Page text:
September 11, 2013 / 8:52 AM / 6 years ago

China cool on French U.N. proposal for Syria weapons

BEIJING (Reuters) - China responded coolly on Wednesday to a French draft resolution at the U.N. Security Council to control Syria’s chemical weapons, saying any decisions must be based on consensus and promote a peaceful resolution.

A Free Syrian Army fighter sits on a chair as a fellow fighter walks around Hanano Barracks in Aleppo September 10, 2013. REUTERS/Muzaffar Salman

An initial Security Council resolution, drafted by France, would demand that Syria make a complete declaration of its chemical weapons program within 15 days and immediately open all related sites to U.N. inspectors or face possible punitive measures.

The French draft resolution, seen by Reuters, adds that the Security Council would intend “in the event of non-compliance by the Syrian authorities with the provisions of this resolution ... to adopt further necessary measures under Chapter VII” of the U.N. Charter.

Chapter 7 of the U.N. Charter covers the 15-nation Security Council’s power to take steps ranging from sanctions to military interventions. It is the reference to Chapter 7, U.N. diplomats say, that has made Russia reluctant to support the initial French draft.

Chinese Foreign Ministry spokesman Hong Lei would not say explicitly whether Beijing would back or oppose the French proposal, but implied some reservations.

“China supports the U.N. Security Council in playing an important role on issues of world peace and security and is willing to remain in touch with all sides on the next steps by the security council,” he told a daily news briefing.

“We also believe that action by the Security Council must be based on consensus reached after full discussions by all sides, should help ameliorate the present tension in Syria, be helpful to maintaining peace and stability in Syria and the region and be helpful to a political resolution.”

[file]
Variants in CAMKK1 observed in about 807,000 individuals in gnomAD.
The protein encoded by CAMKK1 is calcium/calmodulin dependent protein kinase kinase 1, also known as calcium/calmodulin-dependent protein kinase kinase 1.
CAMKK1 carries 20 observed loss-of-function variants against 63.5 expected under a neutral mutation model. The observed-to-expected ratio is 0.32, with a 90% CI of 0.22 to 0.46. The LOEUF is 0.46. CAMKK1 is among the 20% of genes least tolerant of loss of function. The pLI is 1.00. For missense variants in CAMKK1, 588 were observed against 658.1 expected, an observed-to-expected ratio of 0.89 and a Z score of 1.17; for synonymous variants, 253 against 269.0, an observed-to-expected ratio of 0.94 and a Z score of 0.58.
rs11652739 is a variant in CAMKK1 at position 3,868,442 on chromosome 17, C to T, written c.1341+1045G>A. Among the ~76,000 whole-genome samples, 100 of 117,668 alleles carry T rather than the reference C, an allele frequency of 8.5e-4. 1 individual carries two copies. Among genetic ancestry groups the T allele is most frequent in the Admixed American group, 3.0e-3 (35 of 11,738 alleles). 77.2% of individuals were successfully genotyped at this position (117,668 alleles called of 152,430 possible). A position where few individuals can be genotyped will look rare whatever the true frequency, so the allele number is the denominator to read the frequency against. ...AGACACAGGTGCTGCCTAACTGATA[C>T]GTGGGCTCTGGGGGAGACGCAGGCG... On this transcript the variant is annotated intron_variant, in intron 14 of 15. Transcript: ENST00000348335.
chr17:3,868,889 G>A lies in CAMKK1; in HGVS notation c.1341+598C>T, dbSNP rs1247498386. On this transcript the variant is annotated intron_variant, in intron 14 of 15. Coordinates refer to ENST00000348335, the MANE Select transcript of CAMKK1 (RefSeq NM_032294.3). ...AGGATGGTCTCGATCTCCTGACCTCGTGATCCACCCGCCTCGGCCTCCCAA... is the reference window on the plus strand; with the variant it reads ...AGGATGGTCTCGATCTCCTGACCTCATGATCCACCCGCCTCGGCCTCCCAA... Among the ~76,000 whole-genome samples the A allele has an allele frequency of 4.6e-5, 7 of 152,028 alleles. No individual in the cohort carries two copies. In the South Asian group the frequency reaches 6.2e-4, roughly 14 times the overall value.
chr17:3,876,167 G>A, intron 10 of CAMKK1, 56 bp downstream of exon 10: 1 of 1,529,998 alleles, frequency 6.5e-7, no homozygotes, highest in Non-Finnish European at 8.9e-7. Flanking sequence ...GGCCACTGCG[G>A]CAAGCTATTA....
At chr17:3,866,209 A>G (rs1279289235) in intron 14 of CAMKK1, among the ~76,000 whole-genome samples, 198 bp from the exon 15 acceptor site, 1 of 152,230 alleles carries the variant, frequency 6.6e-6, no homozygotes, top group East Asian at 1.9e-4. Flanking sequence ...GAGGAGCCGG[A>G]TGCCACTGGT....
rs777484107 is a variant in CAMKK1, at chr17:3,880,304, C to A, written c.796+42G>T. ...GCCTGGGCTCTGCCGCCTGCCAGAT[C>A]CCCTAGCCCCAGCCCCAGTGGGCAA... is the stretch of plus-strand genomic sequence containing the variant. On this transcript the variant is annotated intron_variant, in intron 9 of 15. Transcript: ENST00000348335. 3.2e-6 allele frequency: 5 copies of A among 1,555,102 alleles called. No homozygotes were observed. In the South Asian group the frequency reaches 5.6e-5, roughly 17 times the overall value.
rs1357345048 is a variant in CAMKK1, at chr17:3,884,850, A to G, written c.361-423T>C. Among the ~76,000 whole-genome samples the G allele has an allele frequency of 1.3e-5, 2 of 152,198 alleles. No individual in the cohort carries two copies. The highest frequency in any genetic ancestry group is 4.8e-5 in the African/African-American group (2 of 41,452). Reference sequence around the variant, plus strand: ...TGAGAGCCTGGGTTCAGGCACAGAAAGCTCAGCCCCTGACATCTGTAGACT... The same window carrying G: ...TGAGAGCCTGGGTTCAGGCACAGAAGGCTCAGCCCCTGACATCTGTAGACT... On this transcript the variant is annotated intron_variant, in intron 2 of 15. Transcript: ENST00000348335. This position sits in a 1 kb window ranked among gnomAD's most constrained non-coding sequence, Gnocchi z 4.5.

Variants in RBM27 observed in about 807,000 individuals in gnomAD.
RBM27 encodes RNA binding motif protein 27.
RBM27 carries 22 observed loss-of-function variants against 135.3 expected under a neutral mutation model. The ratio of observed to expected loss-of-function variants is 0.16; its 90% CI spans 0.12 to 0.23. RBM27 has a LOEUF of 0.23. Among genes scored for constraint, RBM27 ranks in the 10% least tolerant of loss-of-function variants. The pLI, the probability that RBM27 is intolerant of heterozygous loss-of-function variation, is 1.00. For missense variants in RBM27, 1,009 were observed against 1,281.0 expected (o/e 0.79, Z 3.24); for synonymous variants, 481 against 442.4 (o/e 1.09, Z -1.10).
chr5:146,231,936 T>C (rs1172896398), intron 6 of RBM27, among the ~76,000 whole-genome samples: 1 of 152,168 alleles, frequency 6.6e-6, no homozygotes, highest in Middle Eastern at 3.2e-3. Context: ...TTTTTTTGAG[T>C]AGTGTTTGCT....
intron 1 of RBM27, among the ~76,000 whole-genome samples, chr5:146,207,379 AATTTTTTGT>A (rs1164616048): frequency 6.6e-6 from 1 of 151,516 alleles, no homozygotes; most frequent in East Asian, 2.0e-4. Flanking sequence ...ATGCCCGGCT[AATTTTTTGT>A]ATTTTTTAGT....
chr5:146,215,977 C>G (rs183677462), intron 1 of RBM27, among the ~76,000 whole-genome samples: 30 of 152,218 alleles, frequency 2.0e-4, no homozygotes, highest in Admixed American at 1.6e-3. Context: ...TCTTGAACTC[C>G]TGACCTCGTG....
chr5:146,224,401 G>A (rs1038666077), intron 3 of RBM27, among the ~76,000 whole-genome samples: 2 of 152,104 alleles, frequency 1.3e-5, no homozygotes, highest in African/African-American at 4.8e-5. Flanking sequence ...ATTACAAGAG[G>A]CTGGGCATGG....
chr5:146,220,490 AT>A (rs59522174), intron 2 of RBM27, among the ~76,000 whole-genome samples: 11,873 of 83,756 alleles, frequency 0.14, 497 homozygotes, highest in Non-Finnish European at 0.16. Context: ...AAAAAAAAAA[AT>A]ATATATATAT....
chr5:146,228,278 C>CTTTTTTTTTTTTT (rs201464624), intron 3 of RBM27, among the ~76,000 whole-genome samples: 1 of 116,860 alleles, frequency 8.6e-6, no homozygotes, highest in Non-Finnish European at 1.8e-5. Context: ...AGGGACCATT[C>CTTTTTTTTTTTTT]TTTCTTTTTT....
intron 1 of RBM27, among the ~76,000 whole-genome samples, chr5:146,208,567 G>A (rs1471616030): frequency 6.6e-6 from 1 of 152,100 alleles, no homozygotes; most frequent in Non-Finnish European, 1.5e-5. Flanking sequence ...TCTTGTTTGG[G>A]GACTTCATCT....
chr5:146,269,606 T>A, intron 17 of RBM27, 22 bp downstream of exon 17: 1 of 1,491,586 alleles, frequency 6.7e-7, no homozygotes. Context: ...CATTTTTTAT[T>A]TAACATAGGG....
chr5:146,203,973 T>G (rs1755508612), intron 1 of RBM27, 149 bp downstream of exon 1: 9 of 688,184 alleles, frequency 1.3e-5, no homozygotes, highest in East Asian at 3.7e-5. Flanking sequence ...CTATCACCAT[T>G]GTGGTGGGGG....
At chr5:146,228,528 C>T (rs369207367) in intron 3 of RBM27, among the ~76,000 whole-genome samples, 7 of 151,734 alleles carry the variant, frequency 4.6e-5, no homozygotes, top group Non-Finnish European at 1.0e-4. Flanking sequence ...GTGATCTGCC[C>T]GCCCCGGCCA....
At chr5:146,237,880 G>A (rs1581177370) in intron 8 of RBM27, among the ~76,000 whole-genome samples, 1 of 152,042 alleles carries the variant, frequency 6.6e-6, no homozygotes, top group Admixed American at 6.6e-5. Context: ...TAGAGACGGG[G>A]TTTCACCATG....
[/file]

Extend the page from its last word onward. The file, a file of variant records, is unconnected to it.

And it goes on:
Russia and China have both vetoed previous Western efforts to impose U.N. penalties on Syrian President Bashar al-Assad.

Hong repeated China’s opposition to any unilateral military action on Syria, and said Russia’s original proposal for Syria to give up its chemical weapons had created an “important opportunity” for a political resolution.

“We hope that all sides can seize this opportunity and proactively put effort into resolving the Syrian issue via political and diplomatic means,” he said.

Hong said China welcomed Syria’s commitment to the Russian initiative. “This is an important stance to take,” he said.

U.S. President Barack Obama said on Tuesday it was too early to tell if Russia’s initiative would succeed and he vowed to keep military forces at the ready to strike if diplomacy failed.

Obama has argued that Assad, fighting to continue his family’s four-decade rule, must be punished for what Washington says was a poison gas attack on rebel areas that killed more than 1,400 people on August 21.

China has called for a full and impartial investigation by U.N. chemical weapons inspectors in Syria, and warned against pre-judging the results, though it has also said that whoever uses chemical weapons had to be held accountable.

Reporting by Ben Blanchard; Writing by Michael Martina; Editing by Robert Birsel

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